The Human Side of Spiritual Formation

In Paul’s letter to the Philippians he passes over the intellectual difficulty of human and divine agency in spiritual growth with no effort to resolve the apparent contradiction contained in his statement:

…with fear and trembling, work to acquire your own salvation; for God is the one working in you both to will and to work his good pleasure. (Philippians 2:12b-13)

Paul speaks of both elements of salvation in his letters, both God working and us working. My theory is that one cannot claim that God is working in them unless they’re working and that one cannot also claim that their work is effective unless they acknowledge God’s work in them. It’s a back and forth. But all of that aside, what does Paul say about the human side of spiritual growth in Philippians? There is one passage in particular that says a whole lot:

12 Not that I have already received it [the resurrection] or have been made perfect, but I seek to make it [perfection] my own because Christ has made me his own. 13 Brothers, I do not consider myself to have made it [perfection] my own. But I do one thing: forgetting what lies before me I strain forward 14 in accordance with the goal I seek the goal of the upward call of God in Christ Jesus. 15 Therefore, if anybody has been made perfect, let us think this way; and if anybody differs in thought, God will reveal even this. 16 Only, let us hold firm to what we’ve already attained. (Philippians 3:12-16)

Paul outlines a paradigm for personal growth in Christ-likeness:

  1. Admit your imperfection.
  2. [Implied] Have a vision for your life as perfectly Christlike.
  3. Seek to make that perfection your own.
  4. Leave your imperfections behind you rather than dwelling upon the. (Paul struggled with this, he mentions his persecution of the nascent just earlier in the letter)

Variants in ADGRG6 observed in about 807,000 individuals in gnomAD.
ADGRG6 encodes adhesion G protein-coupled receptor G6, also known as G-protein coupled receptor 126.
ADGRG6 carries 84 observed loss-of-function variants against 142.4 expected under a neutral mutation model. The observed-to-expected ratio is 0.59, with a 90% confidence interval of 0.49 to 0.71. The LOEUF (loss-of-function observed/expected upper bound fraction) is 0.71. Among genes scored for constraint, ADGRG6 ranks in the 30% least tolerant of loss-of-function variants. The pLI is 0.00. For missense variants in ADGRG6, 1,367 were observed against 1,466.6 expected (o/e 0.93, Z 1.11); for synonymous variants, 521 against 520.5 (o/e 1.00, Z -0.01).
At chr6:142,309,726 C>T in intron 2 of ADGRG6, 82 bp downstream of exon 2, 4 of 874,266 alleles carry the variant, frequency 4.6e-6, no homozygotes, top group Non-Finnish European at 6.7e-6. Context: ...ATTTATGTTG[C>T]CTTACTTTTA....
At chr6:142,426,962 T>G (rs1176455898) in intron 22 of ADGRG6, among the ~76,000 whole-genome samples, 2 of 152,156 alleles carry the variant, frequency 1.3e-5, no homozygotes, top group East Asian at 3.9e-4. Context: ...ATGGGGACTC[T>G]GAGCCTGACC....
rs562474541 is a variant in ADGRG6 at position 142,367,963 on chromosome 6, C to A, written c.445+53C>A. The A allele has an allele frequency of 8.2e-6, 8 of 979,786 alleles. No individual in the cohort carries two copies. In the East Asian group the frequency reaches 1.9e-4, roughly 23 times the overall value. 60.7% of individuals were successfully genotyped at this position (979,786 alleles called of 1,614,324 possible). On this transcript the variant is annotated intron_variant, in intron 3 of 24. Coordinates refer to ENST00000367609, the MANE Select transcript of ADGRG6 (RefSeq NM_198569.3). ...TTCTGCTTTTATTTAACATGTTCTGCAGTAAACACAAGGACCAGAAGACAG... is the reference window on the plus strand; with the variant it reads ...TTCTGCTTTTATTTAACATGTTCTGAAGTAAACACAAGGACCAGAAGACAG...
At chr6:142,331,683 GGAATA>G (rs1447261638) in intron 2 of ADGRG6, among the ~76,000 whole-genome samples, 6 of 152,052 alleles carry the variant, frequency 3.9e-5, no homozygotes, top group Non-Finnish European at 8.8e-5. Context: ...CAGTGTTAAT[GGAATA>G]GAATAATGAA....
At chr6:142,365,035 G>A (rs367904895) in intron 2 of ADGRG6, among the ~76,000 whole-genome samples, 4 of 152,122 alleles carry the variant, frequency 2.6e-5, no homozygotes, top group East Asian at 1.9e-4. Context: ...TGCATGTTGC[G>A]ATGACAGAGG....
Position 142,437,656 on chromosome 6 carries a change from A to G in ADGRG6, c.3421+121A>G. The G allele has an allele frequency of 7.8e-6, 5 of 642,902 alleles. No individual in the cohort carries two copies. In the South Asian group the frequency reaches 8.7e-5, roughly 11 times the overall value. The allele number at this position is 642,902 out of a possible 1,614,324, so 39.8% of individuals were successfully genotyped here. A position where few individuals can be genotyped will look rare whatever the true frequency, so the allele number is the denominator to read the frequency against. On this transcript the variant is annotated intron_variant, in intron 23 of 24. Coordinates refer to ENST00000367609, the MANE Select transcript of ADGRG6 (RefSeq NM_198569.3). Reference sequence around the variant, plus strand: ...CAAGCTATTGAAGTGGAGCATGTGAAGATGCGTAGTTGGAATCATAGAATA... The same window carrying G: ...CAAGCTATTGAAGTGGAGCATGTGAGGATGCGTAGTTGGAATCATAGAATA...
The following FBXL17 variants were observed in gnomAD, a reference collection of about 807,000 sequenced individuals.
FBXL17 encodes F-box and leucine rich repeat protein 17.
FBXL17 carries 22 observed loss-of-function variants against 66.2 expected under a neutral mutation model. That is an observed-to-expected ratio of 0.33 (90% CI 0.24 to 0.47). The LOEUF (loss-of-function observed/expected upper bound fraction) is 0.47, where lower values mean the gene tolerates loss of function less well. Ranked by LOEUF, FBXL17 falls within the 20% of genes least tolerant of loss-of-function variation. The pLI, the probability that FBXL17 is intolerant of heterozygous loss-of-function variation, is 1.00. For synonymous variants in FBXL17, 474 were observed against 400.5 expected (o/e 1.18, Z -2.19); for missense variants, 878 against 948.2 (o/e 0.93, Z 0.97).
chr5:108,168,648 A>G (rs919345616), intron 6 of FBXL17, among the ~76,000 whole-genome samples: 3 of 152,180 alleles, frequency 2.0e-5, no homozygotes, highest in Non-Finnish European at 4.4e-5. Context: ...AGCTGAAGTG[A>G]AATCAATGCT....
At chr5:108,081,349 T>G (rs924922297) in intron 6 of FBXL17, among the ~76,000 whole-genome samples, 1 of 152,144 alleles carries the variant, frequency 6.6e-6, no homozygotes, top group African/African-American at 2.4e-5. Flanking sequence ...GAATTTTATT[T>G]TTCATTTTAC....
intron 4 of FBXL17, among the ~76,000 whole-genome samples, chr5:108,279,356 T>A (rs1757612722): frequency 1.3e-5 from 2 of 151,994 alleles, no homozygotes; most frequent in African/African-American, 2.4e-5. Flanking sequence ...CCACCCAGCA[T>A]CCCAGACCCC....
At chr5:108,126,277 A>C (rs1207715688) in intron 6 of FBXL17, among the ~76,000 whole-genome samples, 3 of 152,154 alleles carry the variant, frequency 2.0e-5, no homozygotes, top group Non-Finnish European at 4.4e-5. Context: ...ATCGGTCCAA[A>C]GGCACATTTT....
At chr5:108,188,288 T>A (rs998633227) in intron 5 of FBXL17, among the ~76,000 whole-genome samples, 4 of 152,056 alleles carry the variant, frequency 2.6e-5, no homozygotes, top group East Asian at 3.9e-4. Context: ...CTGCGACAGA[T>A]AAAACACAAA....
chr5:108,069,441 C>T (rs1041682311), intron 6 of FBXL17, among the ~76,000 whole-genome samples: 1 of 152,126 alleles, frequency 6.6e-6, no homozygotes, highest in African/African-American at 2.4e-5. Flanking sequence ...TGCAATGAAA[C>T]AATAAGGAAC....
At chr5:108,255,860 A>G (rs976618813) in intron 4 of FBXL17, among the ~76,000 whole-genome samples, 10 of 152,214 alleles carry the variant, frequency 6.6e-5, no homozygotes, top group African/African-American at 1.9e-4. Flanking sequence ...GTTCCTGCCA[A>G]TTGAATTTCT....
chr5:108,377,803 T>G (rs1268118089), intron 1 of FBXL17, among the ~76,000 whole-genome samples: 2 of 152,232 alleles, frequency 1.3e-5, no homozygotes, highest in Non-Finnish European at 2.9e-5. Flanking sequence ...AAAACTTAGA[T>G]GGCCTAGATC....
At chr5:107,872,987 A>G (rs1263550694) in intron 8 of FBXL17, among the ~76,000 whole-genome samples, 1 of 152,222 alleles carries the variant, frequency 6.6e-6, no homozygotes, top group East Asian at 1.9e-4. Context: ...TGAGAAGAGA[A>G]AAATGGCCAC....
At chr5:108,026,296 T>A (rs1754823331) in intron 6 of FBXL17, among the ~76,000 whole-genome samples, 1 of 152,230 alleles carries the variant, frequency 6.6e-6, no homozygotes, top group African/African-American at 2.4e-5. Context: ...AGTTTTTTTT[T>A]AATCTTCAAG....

5. Strain for the perfection of Christian character. In 3:11, Paul says “if somehow” or “if by any means.” In other words, do what it takes to be like Christ. And since the metaphor is of running, think of “any means” like the any means of running away from danger and toward safety.*
  6. Not only should the appeal of the good life in Christ motivate us, but also the ‘prize’ or the rewards God offers to Christians should motivate us as well.
  7. Don’t get resentful of people who don’t get it.
  8. Hold fast to what you’ve attained. Don’t go backwards…but with step one in mind, don’t insist that where you are is perfect either. Anybody can be wrong. Sometimes your understanding of life in Christ is what needs to change before you can change.

Paul says more about the human side of things, but the passage above is a good summary of his point of view. If you grab a Bible and read the rest of Philippians, you’ll see that he also recommends meditation on good examples, pursuing assistance from other Christians, avoiding obsession over food, seeing the Christian church as your tribe/nation, and prayer for help.

 

 

*Note: When I was a senior in high school, I went for a job one night after karate practice. In our neighborhood, late jogs weren’t that uncommon. But a rottweiler escaped somebody’s front door and started chasing me and I climbed up on a stranger’s car and jumped onto the other side waiting to climb back over if the dog ran around. I was willing to do whatever it took not to die.

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